Publisher’s note

All claims expressed in this article are solely those of the authors and do not necessarily represent those of their affiliated organizations, or those of the publisher, the editors and the reviewers. Any product that may be evaluated in this article, or claim that may be made by its manufacturer, is not guaranteed or endorsed by the publisher.

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Keywords: broodstock, diet, fecundity, nutritive, reproductive performance, Tilapia, dietary components and feeding regimes, egg and larval quality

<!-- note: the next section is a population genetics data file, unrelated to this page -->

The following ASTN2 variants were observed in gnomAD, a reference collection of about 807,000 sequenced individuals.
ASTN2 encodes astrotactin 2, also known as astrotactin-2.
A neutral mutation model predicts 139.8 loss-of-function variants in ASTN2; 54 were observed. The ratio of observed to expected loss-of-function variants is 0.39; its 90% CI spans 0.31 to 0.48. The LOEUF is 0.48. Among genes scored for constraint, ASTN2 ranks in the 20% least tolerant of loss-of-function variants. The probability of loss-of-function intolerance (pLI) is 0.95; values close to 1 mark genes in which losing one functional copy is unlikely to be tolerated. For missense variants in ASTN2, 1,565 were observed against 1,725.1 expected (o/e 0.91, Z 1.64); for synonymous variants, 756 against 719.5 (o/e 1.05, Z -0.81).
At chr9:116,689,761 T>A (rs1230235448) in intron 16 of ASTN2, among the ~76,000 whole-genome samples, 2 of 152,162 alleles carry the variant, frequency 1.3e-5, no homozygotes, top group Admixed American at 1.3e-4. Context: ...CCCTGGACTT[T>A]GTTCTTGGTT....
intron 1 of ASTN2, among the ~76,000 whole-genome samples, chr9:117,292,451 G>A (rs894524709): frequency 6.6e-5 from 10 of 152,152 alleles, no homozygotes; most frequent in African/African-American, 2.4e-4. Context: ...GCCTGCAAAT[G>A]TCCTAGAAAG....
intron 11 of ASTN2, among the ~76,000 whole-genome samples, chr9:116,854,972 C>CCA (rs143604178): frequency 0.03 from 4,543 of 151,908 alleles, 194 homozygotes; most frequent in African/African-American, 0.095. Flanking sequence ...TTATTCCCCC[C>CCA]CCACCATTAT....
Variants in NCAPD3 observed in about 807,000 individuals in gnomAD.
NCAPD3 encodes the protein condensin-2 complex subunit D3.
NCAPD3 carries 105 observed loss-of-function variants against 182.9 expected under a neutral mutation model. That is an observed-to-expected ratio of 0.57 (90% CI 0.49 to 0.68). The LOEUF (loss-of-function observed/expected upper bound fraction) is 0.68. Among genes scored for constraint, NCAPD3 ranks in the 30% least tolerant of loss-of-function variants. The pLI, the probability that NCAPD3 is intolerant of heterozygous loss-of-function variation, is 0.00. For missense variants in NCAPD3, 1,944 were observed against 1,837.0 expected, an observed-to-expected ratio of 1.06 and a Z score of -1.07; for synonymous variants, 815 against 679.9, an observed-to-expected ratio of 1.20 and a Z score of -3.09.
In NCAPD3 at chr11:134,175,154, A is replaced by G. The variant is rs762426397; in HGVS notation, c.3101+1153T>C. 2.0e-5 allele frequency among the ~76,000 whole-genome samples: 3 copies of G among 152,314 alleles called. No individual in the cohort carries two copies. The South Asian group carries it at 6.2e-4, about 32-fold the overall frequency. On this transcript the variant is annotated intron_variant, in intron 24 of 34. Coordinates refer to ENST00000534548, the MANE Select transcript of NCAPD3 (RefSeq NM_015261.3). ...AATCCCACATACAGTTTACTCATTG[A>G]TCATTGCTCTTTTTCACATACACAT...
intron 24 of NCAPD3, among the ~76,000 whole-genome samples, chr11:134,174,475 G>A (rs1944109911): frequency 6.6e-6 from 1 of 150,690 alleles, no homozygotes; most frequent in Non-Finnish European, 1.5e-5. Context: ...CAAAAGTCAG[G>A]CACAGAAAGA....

Citation: Engdaw F and Geremew A (2024) Broodstock nutrition in Nile tilapia and its implications on reproductive efficiency. Front. Aquac. 3:1281640. doi: 10.3389/faquc.2024.1281640

Received: 30 September 2023; Accepted: 30 January 2024;
Published: 22 February 2024.

Edited by:

David Little, University of Stirling, United Kingdom

Reviewed by:

Carlos Alfonso Alvarez-González, Universidad Juárez Autónoma de Tabasco, Mexico
Zonghang Zhang, Shantou University, China

Copyright © 2024 Engdaw and Geremew. This is an open-access article distributed under the terms of the Creative Commons Attribution License (CC BY). The use, distribution or reproduction in other forums is permitted, provided the original author(s) and the copyright owner(s) are credited and that the original publication in this journal is cited, in accordance with accepted academic practice. No use, distribution or reproduction is permitted which does not comply with these terms.

*Correspondence: Flipos Engdaw, flipos.engdaw@aau.edu.et